How often should medical equipment be maintained?

The most common answer - annually.

However, all equipment is different and it's recommended that you follow the maintenance guidelines outlined by the manufacturer. 

What are the benefits to maintaining equipment?

Maintaining your equipment is seriously important! Risks can be mitigated with your equipment being properly tested and serviced which can drastically reduce the risk of injury caused from equipment failure. Costs are also reduced as equipment maintenance can be cheaper than replacing with new capital equipment, and can also extend its lifetime.

Regular servicing of your equipment can also give you confidence that your facility has the ability to pass routine inspections and demonstrate compliance. You can use this knowledge to install peace of mind for your patients, colleagues, staff and leadership by simply following a planned service program. 

Read about our top six reasons why medical equipment maintenance matters?

What will happen if the equipment is NOT maintained?

If your medical equipment fails to be properly tested and serviced it could result in direct harm to your patients, staff or the facility. The facility may also suffer a loss of revenue from the cost of equipment downtime, but also the costs involved with replacing the equipment. Costs can also be incurred from the injury of patients or staff, placing further financial burdens on the facility.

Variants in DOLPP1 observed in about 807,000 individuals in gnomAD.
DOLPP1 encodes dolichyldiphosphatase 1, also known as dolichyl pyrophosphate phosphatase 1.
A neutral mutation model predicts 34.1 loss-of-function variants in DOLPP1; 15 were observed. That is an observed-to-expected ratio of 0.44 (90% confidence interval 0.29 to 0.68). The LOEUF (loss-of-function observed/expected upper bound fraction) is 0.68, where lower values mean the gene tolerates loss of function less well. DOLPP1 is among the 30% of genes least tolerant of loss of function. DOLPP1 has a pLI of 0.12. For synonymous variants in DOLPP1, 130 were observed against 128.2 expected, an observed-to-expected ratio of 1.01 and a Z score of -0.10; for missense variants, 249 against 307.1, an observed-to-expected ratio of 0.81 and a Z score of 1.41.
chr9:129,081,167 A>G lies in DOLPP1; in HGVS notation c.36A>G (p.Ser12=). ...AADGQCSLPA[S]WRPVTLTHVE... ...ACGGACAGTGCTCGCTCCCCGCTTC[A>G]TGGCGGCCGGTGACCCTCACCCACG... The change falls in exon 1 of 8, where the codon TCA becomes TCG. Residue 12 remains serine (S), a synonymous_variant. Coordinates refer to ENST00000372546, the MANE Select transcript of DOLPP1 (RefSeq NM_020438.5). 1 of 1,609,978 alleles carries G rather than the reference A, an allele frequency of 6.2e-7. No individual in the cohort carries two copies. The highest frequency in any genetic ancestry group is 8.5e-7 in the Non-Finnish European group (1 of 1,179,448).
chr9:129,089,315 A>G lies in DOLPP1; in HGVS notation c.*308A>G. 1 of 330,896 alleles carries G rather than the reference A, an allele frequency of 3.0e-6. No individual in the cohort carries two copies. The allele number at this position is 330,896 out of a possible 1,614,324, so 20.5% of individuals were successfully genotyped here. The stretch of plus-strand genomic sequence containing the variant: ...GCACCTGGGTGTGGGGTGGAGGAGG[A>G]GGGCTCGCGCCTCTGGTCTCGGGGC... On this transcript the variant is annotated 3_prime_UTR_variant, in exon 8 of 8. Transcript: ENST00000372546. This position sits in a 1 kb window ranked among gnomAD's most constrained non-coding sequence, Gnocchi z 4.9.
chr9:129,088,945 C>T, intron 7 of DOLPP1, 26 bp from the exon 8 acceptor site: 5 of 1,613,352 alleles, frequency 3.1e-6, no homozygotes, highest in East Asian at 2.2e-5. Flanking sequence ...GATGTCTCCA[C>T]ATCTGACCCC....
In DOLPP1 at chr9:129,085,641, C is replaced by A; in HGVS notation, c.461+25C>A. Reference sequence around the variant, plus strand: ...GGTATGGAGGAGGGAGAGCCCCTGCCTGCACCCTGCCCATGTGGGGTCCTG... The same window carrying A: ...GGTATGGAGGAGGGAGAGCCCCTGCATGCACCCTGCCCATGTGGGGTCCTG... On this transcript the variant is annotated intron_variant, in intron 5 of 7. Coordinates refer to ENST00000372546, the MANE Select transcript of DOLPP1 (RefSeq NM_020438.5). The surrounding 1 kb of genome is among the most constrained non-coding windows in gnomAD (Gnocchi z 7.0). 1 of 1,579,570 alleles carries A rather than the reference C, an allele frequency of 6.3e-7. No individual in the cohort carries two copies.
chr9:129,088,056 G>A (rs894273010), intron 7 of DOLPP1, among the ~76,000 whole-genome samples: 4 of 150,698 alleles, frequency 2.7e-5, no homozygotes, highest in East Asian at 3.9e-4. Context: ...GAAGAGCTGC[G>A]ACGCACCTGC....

In the event of a serious injury or incident, the facility in question may be required to cooperate with authorities if an investigation was to occur. The legal trouble may become quite significant if investigators find that the equipment failed to comply with regulations. Insurance coverage could also be invalid if there is no evidence to support that the facility made every effort to properly maintain their equipment.

Is there a way to tell if the equipment has been recently serviced?

If your medical equipment is being tested and preventative maintenance being performed regularly, there should be a record being kept of each service and the performance indicators being checked off. There is sometimes also identification displayed on the equipment listing the date of a service and the date required for the next one.

If you are ever unsure or start to notice that the equipment is not performing like it should be, you may want to consider speaking to a superior or the maintenance/ technicians at your hospital to be sure a plan is in place, as at the end of the day to not speak up is to put yourself, your patients and everyone around you in harms way.